Needless to say, the cast is huge and one of the great things about the film is that previously underused or underestimated performers — like Jeremy Renner, Scarlett Johansson, Paul Rudd, Don Cheadle, and Karen Gillan — all finally get a chance to shine.  As always, the heart of the film belongs to Chris Evans while Robert Downey, Jr. provides just enough cynicism to keep things from getting to superficially idealistic.  Chris Hemsworth and Mark Ruffalo get most of the film’s big laughs, each playing their borderline ludicrous characters with just the right combination of sincerity and humor.  Of course, Josh Brolin is back as well and he’s still perfectly evil and arrogant as Thanos.  But whereas Thanos was the focus of Infinity War, Endgame focuses on the heroes.  If Infinity War acknowledged that evil can triumph, Endgame celebrates the fact that good never surrenders.

As Endgame came to an end, I did find myself wondering what the future is going to hold for the MCU.  A part of me wonders how they’re going to top the past ten years or if it’s even possible to do so.  Several mainstays of the MCU say goodbye during Endgame and it’s hard to imagine the future films without their presence.  It’s been hinted that Captain Marvel is going to be one of the characters holding the next phase of the  MCU together and, fortunately, Brie Larson is a quite a bit better in Endgame than she was in her previous MCU film.  Hopefully, regardless of what happens in the future, Marvel and Disney will continue to entrust their characters to good directors, like the Russo Brothers, James Gunn, and Taika Waititi.  (Wisely, Disney reversed themselves and rehired James Gunn for the next Guardians of the Galaxy film.  Of course, Gunn never should have been fired in the first place….)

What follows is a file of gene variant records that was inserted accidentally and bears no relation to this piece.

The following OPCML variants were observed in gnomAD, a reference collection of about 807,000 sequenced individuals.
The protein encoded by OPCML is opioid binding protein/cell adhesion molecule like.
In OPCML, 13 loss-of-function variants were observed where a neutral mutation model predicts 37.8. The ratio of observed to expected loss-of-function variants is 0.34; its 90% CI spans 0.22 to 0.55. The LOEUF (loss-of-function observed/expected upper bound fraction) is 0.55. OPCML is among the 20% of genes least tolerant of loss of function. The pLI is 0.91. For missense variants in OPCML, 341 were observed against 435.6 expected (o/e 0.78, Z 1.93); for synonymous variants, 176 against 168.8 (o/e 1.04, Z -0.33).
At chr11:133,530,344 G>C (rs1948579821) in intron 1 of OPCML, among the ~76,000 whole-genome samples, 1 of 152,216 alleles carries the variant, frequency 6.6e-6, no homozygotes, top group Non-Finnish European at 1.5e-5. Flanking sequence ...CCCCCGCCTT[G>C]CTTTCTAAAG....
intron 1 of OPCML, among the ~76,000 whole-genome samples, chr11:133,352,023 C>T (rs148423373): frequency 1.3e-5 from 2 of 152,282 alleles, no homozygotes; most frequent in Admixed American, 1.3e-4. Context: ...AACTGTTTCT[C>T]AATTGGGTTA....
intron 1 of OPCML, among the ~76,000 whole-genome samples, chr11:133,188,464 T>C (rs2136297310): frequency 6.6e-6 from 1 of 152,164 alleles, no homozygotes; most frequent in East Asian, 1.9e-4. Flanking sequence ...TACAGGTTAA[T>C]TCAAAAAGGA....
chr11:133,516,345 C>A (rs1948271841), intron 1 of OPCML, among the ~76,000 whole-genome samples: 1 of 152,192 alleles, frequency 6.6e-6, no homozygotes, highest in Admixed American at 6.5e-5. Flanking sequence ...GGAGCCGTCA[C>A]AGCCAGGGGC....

And that’s really all I can say about Avengers: Endgame right now, other than to recommend that you see it.  In fact, everyone in the world needs to hurry up and see it so we can finally start talking about the film without having to post spoiler warnings!

For now, I’ll just say that Avengers: Endgame is a powerful, emotional, and entertaining conclusion to one of the greatest cinematic sagas ever.

Lisa Cleans Out Her DVR: Girl Followed (dir by Tom Shell)

(Once again, I am trying to clean out my DVR.  I recorded Girl Followed off of the Lifetime Movie Network on April 2nd, 2017.)

Poor Regan (Emma Fuhrmann)!  She’s 14 years old and all she wants is to be as popular as her older sister, Taylor (Gianna LaPera), and her best friend, Sabine (Olivia Nikkanen), and for Austin (Jake Elliott) to like her.  Taylor and Sabine managed to get boyfriends by sending them sexy pics so why can’t she do the same thing?  Everyone else skips school, so why can’t she?  Everyone else shoplifts so why is it such a big deal when she does it?  As Regan points out, her parents (Heather McComb and Joey Lawrence) expect her to be so perfect that they always overreact to the least little mistake.